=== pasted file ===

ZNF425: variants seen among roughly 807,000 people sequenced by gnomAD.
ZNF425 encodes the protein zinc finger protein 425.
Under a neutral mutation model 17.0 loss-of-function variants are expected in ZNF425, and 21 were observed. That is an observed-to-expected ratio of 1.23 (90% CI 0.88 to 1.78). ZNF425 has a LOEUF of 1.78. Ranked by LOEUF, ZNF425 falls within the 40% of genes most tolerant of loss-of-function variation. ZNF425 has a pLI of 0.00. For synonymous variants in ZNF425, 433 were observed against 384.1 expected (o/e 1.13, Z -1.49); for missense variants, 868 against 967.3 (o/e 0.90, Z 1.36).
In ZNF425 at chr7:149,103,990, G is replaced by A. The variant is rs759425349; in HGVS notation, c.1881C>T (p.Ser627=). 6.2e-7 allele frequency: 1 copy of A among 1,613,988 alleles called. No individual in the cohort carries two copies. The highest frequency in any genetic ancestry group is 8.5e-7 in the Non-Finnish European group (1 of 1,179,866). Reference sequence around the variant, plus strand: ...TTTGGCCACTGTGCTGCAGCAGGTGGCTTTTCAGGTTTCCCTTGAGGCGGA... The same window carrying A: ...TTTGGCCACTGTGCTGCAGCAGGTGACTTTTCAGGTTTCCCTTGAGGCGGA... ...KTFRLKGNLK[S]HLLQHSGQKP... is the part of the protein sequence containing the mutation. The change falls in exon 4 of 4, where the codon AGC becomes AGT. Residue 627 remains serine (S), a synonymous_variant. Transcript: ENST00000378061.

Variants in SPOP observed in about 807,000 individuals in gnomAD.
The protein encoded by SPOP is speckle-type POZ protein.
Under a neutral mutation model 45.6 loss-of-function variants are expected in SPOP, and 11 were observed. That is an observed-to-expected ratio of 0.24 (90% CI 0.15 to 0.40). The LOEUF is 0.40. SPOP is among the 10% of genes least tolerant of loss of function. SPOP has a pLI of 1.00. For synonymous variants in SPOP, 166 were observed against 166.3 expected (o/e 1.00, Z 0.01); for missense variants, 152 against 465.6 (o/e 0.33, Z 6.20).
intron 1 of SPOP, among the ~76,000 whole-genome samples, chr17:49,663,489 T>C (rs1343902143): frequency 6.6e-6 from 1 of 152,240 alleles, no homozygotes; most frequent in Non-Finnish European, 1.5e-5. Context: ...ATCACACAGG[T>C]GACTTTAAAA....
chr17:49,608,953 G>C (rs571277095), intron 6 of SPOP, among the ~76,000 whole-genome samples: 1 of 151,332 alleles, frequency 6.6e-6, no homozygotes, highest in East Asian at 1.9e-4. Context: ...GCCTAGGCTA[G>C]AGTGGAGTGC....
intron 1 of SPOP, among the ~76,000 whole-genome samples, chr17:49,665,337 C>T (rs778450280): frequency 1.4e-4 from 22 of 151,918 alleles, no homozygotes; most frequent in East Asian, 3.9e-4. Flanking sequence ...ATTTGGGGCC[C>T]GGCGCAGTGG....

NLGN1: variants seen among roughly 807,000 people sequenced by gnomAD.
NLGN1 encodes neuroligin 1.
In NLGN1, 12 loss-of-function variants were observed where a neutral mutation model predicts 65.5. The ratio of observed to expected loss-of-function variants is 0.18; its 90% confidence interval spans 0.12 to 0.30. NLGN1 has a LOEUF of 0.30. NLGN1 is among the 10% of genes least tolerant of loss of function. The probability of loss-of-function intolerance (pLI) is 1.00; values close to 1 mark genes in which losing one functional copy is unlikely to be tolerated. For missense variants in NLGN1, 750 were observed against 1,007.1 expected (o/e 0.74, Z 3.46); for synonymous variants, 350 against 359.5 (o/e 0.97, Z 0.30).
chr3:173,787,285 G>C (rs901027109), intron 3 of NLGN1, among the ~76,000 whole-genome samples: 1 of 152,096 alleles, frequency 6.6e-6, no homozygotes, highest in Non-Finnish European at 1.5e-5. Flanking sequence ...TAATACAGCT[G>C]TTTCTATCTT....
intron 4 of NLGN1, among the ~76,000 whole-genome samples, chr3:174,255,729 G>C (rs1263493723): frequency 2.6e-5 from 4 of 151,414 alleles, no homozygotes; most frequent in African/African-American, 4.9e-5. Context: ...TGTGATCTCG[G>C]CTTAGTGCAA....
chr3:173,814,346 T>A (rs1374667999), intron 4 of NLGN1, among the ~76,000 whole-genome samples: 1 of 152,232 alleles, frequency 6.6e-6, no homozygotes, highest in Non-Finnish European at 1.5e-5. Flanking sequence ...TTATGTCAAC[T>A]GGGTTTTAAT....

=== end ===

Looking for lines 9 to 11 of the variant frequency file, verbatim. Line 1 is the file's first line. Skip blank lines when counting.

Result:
chr17:49,608,953 G>C (rs571277095), intron 6 of SPOP, among the ~76,000 whole-genome samples: 1 of 151,332 alleles, frequency 6.6e-6, no homozygotes, highest in East Asian at 1.9e-4. Context: ...GCCTAGGCTA[G>C]AGTGGAGTGC....
intron 1 of SPOP, among the ~76,000 whole-genome samples, chr17:49,665,337 C>T (rs778450280): frequency 1.4e-4 from 22 of 151,918 alleles, no homozygotes; most frequent in East Asian, 3.9e-4. Flanking sequence ...ATTTGGGGCC[C>T]GGCGCAGTGG....

NLGN1: variants seen among roughly 807,000 people sequenced by gnomAD.